Day-care centre as integrating social institutions for disabled children in Norway
Funksjonshemming og samfunn (Disability and Society) NTNU-samfunnsforskning (NTNU-Social Science Research) Norway,
Department of Social Work & Health Sciences Norwegian University of Science and Technology (NTNU) Norway,
In Norway, as in most European countries, integration of disabled children in school and day-care services have been the official politics for years. There has further been political agreement that day-care centres are particularly important for disabled children, and in Norway, most children with impairments are offered some sort of pre-school day-care services. The main organisation model has for a long time been integration into ordinary day-care services. Lately, there has been a growth in day-care services available for all children, and today, 94 % off all Norwegian children aged 3-5 received day-care services (Statistics Norway 2007). In a running study, we ask how present day day-care services ensure its mandate as an ?integrating institution? as regards disabled children. It seems to be a tendency towards an increase in some groups of disabled children being segregated in particular day-care services in order to gather special competence among the personal. In this project, we ask if we can trace a recession of the integrating processes and ideals in present day practises and organisation.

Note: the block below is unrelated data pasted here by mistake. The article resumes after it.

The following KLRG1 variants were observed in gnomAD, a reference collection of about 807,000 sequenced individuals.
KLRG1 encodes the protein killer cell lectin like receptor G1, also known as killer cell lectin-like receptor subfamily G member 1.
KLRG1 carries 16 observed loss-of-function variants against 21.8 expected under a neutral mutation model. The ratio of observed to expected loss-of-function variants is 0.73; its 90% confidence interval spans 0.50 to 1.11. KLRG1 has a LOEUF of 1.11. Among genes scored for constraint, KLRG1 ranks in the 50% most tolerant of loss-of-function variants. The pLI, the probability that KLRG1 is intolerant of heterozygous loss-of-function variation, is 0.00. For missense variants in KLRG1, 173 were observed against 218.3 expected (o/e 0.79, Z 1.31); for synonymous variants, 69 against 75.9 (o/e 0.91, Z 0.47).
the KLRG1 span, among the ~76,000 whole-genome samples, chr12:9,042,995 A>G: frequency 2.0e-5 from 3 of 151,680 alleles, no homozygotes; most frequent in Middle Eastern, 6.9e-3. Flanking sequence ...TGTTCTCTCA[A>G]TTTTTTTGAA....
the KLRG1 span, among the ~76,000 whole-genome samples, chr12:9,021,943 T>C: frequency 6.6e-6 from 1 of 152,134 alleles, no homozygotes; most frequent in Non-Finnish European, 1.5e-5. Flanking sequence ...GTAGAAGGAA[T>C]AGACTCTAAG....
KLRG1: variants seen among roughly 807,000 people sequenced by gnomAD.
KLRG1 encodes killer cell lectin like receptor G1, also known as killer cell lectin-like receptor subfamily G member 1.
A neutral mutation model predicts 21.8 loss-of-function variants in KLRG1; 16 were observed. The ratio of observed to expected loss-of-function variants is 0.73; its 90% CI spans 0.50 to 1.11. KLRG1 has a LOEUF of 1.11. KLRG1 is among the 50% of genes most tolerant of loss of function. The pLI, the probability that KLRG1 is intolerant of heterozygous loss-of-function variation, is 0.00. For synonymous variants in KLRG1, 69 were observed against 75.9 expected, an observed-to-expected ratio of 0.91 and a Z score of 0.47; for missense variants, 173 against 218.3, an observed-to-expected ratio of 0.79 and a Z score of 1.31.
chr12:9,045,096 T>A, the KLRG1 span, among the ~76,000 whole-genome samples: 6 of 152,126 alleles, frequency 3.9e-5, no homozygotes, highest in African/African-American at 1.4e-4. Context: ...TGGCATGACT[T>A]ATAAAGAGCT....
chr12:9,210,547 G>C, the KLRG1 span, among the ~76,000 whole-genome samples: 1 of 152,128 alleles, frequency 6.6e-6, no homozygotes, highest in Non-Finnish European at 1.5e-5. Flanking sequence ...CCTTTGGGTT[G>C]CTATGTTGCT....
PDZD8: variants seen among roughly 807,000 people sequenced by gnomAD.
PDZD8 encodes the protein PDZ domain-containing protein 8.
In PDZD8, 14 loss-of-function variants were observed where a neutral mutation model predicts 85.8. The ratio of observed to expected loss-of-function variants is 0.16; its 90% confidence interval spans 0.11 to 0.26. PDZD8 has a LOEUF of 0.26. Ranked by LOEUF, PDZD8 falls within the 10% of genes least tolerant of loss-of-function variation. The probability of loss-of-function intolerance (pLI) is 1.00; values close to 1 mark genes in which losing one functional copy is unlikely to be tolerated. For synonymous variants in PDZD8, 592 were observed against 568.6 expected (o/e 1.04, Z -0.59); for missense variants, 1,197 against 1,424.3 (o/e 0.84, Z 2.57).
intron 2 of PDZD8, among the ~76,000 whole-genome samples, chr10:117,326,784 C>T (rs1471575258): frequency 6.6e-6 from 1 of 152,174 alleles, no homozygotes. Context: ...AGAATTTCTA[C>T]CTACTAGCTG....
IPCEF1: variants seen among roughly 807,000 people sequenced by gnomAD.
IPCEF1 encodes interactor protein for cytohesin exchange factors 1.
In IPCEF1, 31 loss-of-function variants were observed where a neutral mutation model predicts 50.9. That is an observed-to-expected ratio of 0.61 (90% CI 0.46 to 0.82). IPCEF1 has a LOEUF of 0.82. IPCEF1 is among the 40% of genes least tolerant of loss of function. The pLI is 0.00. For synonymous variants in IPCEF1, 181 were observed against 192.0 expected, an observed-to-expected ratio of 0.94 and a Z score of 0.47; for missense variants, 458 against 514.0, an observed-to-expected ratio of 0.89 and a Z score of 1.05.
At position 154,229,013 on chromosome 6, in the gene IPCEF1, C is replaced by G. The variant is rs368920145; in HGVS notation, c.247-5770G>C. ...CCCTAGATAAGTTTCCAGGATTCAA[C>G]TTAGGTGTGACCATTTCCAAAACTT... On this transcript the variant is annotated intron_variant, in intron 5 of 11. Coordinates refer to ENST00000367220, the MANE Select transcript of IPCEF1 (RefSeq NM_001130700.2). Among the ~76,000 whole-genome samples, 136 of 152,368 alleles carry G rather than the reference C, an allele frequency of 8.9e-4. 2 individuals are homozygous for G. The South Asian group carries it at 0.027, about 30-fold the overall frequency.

Concretely, parents of all children born in 2002, 2003 and 2004, with a broad selection of physical disabilities, learning disabilities and multiple disabilities, and registered as receivers of a cash benefit for people in need of special care or supervision, are invited to participate in a survey. Invitations will go out to parents of about 1300 children in late February 2009. One quantitative questionnaire will go to parents and another to personnel in the child?s day-care service. The aim of the study is to get information on physical integration (how the services are actually organised for these children today), cooperation and interaction (between parents and personnel, as well as with other services and societal institution), and inclusive thinking and practises (how the children?s everyday life within the institutions are organised and planned by the personnel in order to ensure actual integration).
Results from the study will be presented and discussed with particular focus on the question of if and how disabled children are considered as part of the plurality of most children in Norwegian day-care centres.